Tashkent, Uzbekistan’s Capital City
Back in 2013, while based in the Dezan Shira & Associates Singapore office, I applied for a visa to visit Uzbekistan. The country had an Embassy in the city and I was intrigued to find out what was going on in the country, prompted in part, by Chinese President Xi Jinping’s state visit there in September that year. At the time, Uzbekistan was ruled by President Islam Karimov, who by then had ruled the country for 24 years. It had been a fractious rule, Uzbekistan constantly quarreled with its neighbors, with Karimov essentially ruling with an iron fist. Although he retained warm relations with Beijing, he was a throwback to the old Soviet era – trust no-one, and while you’re doing that, mess them about as much as you can for good measure.
I applied for a single entry visa, and was told to purchase, in advance, a return flight ticket to Tashkent, which I did, routing from Singapore via Delhi. It was on Uzbek Airlines and as they were the only carrier, the flight was expensive. Then my visa application – for which I had also paid a significant amount of money for in advance, began to run into problems. The hotel I had booked “had verification problems”, they asked me for a complete breakdown of my travel plans, including bus timetables for a planned trip to Samarkand, then questioned both the validity of my Singapore residency and finally wanted a new photograph. I was finally told to pick up my passport, with the issued visa, at 16:00 on the Thursday. Yet they knew full well the flight to Delhi and onto Tashkent departed Singapore at 16:30.
That was not my first experience of Soviet style buggeration – China had had its moments too – but it stymied my planned trip to Uzbekistan. I never got refunds for the flights either – officially I was a “no show” and that meant missing the plane was my responsibility.
I tell this story as it highlights the changes that have come over the country since then. No one knew at the time, but Xi’s visit back in 2013 was part of his research into sounding out the Central Asian nations as to the viability of what would just two years later become his Belt and Road scheme. Karimov, whose policy towards foreigners was never warm, died in 2016. Since then, much to considerable relief, his eventual successor – Karimov had not expected to die, ever – was Shavkat Mirziyoyev. Little known at the time, he has overturned a lot of Karimov’s previous policies and has begun to embrace both his neighbors and foreign investment.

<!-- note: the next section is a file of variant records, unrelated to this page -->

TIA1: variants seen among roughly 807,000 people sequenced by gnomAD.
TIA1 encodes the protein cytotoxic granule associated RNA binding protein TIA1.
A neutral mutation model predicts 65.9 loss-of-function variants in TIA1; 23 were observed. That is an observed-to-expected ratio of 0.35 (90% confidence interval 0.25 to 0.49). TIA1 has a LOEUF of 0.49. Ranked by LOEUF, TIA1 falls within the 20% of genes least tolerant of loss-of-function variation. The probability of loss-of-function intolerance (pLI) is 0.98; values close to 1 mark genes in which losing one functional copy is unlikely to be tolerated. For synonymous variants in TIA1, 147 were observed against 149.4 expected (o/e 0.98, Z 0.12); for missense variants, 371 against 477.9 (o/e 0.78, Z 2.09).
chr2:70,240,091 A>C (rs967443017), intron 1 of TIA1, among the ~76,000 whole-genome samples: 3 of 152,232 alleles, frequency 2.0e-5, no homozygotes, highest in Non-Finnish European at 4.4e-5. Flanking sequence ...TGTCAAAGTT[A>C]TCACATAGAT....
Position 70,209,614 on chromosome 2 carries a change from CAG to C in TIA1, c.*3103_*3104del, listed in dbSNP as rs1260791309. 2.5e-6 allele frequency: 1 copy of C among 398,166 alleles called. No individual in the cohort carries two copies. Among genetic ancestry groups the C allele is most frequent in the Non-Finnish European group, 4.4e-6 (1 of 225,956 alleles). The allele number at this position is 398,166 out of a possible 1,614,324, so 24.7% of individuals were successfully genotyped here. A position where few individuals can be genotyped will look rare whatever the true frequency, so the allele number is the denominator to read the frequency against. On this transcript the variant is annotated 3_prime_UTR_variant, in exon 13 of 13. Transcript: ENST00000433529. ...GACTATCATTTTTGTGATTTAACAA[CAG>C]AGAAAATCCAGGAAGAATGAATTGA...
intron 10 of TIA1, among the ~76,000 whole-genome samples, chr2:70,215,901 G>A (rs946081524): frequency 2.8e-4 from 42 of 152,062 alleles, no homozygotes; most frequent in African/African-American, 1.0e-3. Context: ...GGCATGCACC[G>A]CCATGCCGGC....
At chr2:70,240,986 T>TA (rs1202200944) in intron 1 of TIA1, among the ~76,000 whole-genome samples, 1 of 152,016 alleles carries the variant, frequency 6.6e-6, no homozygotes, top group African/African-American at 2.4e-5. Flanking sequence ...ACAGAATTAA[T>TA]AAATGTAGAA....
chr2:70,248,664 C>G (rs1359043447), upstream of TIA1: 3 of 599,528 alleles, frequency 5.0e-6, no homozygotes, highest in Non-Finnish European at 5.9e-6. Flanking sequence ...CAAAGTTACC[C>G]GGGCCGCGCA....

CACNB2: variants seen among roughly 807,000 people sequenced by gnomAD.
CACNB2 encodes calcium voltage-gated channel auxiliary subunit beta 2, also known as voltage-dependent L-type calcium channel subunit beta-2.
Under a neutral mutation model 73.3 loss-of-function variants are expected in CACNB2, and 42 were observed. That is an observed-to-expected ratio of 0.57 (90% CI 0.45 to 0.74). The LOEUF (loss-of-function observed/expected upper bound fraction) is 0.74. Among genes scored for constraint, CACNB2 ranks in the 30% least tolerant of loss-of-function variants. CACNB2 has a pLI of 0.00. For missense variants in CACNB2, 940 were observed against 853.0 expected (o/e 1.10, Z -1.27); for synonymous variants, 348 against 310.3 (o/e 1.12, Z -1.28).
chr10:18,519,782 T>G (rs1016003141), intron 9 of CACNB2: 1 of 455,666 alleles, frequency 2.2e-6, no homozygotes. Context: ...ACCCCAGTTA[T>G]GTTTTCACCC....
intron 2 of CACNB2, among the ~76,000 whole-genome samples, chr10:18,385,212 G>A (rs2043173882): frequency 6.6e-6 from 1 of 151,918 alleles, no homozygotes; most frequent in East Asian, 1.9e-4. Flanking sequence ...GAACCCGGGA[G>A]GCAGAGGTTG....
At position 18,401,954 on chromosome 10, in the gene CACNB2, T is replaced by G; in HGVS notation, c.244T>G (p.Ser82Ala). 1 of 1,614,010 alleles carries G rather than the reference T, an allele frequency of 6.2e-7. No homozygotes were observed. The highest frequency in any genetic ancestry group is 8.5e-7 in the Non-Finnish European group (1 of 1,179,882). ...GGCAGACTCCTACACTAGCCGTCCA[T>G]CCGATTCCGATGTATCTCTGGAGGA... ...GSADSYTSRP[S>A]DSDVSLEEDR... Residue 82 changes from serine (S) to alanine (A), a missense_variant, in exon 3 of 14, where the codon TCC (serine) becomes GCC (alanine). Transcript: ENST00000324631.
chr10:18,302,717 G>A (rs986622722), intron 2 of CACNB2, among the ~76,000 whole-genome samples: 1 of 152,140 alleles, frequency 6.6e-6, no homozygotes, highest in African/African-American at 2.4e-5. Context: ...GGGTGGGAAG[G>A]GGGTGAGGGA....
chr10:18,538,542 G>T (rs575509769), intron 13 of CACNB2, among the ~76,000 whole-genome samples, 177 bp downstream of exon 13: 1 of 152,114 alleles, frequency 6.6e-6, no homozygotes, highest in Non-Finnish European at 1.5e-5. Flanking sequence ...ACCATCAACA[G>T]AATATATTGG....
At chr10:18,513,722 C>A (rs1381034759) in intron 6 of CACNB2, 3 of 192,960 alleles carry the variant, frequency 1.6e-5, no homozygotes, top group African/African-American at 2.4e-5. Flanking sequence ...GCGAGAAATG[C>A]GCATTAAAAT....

Mirziyoyev has, over the past three years, initiated a series of important reforms, and made unprecedented overtures to each of Uzbekistan’s previously estranged neighboring states. His initiatives have included currency reform, trade liberalization, improvement of the business climate, reform of the cotton industry, simplified entry for foreign nationals, and welcoming investment and development banks and financial institutions back into Uzbekistan. Along with North Korea, Uzbekistan has been one of the few countries in the world to maintain an exit visa regime for its own citizens, but next year this too will be scrapped.
Mirziyoyev’s recognition for state change and reform in Uzbekistan hit the ground running. In the first twelve months of office, he visited Kazakhstan four times, Turkmenistan three times, and Russia twice, in addition to China, Kyrgyzstan, Saudi Arabia, Turkey, and the United States. He also brokered a peace deal with neighboring Tajikistan, which despite being an important next door neighbor with a border to China had been cut off by Karimov’s policy of laying minefields between the two countries and sealing the border. Today, Uzbeks and Tajiks share a 30 day visa-free arrangement, direct passenger flights between the two countries have recommenced after 25 years, and freight trains cross over the borders. Ten of the 16 border checkpoints with Tajikistan that were previously closed have been reopened, with the remainder under discussion pending ordinance clearing and related security matters.
If one country can be shown to have been re-energized due to China’s Belt and Road Initiative, then it is Uzbekistan. China is heavily involved in rail construction in the country, and has assisted with electrifying the Bukhara-Misken rail line.
That has considerable trade significance for Uzbekistan as the Bukhara link also connects south to Turkmenbat in Turkmenistan, which then runs west to Turkmenbashi Port on the Caspian Sea. Uzbekistan is landlocked; the Bukhara rail line – which also runs north to Tashkent, the capital city, provides the country with new export potential for its products.
Elsewhere, Uzbekistan has also been modernizing. It possesses a high-speed rail service running between Tashkent and Samarkand, with a recent extension to Bukhara. This reduces the length of the Tashkent-Samarkand trip to just two hours, and the full journey to Bukhara 3.5. This indicates the potential for trade traffic between Uzbekistan and Turkmenistan is set to grow significantly now the latter’s Caspian Sea Port at Turkmenbashi has opened. Driving that is a 16.5 hour stretch along the M37 Highway. When the train route is fully operational, transshipment will be far easier and faster.